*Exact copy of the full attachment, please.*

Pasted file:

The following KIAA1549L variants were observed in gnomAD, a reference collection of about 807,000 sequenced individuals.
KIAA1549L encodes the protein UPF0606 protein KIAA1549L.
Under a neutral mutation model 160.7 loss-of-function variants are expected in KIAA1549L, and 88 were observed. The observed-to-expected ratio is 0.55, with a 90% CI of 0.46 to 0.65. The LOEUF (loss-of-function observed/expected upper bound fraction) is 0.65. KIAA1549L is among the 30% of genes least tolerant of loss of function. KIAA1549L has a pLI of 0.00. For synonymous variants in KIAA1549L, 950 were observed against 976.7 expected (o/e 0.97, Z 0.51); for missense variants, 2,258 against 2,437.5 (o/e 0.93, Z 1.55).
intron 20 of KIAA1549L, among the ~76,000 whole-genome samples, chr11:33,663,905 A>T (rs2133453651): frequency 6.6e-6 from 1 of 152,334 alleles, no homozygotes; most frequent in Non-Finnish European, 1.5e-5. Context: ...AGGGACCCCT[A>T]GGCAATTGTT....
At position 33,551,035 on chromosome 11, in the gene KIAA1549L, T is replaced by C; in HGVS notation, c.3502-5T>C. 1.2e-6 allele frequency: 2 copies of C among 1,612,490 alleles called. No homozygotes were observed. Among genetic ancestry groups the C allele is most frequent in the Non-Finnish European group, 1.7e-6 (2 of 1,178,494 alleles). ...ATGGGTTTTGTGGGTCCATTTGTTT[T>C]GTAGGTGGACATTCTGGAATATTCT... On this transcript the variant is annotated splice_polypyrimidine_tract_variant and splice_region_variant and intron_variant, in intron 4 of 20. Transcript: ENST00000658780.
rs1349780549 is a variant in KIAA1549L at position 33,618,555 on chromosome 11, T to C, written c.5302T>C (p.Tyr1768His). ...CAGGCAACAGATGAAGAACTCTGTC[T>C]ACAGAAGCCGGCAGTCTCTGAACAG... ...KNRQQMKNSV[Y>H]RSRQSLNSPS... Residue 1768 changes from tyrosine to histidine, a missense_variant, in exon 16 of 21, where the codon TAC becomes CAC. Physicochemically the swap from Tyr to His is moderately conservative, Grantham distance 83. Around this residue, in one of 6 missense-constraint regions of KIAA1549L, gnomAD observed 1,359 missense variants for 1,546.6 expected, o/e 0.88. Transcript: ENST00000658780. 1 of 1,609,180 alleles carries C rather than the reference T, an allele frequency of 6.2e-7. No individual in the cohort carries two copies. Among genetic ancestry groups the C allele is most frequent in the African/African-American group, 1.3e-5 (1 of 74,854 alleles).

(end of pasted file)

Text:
The following KIAA1549L variants were observed in gnomAD, a reference collection of about 807,000 sequenced individuals.
KIAA1549L encodes the protein UPF0606 protein KIAA1549L.
Under a neutral mutation model 160.7 loss-of-function variants are expected in KIAA1549L, and 88 were observed. The observed-to-expected ratio is 0.55, with a 90% CI of 0.46 to 0.65. The LOEUF (loss-of-function observed/expected upper bound fraction) is 0.65. KIAA1549L is among the 30% of genes least tolerant of loss of function. KIAA1549L has a pLI of 0.00. For synonymous variants in KIAA1549L, 950 were observed against 976.7 expected (o/e 0.97, Z 0.51); for missense variants, 2,258 against 2,437.5 (o/e 0.93, Z 1.55).
intron 20 of KIAA1549L, among the ~76,000 whole-genome samples, chr11:33,663,905 A>T (rs2133453651): frequency 6.6e-6 from 1 of 152,334 alleles, no homozygotes; most frequent in Non-Finnish European, 1.5e-5. Context: ...AGGGACCCCT[A>T]GGCAATTGTT....
At position 33,551,035 on chromosome 11, in the gene KIAA1549L, T is replaced by C; in HGVS notation, c.3502-5T>C. 1.2e-6 allele frequency: 2 copies of C among 1,612,490 alleles called. No homozygotes were observed. Among genetic ancestry groups the C allele is most frequent in the Non-Finnish European group, 1.7e-6 (2 of 1,178,494 alleles). ...ATGGGTTTTGTGGGTCCATTTGTTT[T>C]GTAGGTGGACATTCTGGAATATTCT... On this transcript the variant is annotated splice_polypyrimidine_tract_variant and splice_region_variant and intron_variant, in intron 4 of 20. Transcript: ENST00000658780.
rs1349780549 is a variant in KIAA1549L at position 33,618,555 on chromosome 11, T to C, written c.5302T>C (p.Tyr1768His). ...CAGGCAACAGATGAAGAACTCTGTC[T>C]ACAGAAGCCGGCAGTCTCTGAACAG... ...KNRQQMKNSV[Y>H]RSRQSLNSPS... Residue 1768 changes from tyrosine to histidine, a missense_variant, in exon 16 of 21, where the codon TAC becomes CAC. Physicochemically the swap from Tyr to His is moderately conservative, Grantham distance 83. Around this residue, in one of 6 missense-constraint regions of KIAA1549L, gnomAD observed 1,359 missense variants for 1,546.6 expected, o/e 0.88. Transcript: ENST00000658780. 1 of 1,609,180 alleles carries C rather than the reference T, an allele frequency of 6.2e-7. No individual in the cohort carries two copies. Among genetic ancestry groups the C allele is most frequent in the African/African-American group, 1.3e-5 (1 of 74,854 alleles).